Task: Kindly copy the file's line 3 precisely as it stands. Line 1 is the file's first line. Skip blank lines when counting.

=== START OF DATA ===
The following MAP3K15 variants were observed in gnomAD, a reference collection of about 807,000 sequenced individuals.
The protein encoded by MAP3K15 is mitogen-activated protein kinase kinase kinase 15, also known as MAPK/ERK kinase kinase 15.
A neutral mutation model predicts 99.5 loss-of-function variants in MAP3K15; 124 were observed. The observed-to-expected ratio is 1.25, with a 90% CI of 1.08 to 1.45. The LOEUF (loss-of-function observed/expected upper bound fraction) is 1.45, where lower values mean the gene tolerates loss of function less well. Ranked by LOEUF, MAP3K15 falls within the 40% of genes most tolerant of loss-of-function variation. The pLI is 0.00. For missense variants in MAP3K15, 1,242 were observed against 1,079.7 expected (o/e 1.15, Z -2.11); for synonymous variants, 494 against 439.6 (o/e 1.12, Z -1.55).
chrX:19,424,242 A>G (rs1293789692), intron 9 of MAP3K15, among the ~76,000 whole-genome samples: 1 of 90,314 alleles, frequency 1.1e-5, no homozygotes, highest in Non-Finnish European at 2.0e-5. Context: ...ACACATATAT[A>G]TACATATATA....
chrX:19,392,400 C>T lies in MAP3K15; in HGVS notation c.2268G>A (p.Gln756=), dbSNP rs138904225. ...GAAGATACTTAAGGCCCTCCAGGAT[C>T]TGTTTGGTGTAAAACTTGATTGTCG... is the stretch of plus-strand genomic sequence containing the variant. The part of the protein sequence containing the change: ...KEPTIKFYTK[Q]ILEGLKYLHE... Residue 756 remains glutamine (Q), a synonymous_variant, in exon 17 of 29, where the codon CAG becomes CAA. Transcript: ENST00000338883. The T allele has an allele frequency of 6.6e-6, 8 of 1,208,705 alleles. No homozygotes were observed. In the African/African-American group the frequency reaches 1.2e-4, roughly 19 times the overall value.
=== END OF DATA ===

A neutral mutation model predicts 99.5 loss-of-function variants in MAP3K15; 124 were observed. The observed-to-expected ratio is 1.25, with a 90% CI of 1.08 to 1.45. The LOEUF (loss-of-function observed/expected upper bound fraction) is 1.45, where lower values mean the gene tolerates loss of function less well. Ranked by LOEUF, MAP3K15 falls within the 40% of genes most tolerant of loss-of-function variation. The pLI is 0.00. For missense variants in MAP3K15, 1,242 were observed against 1,079.7 expected (o/e 1.15, Z -2.11); for synonymous variants, 494 against 439.6 (o/e 1.12, Z -1.55).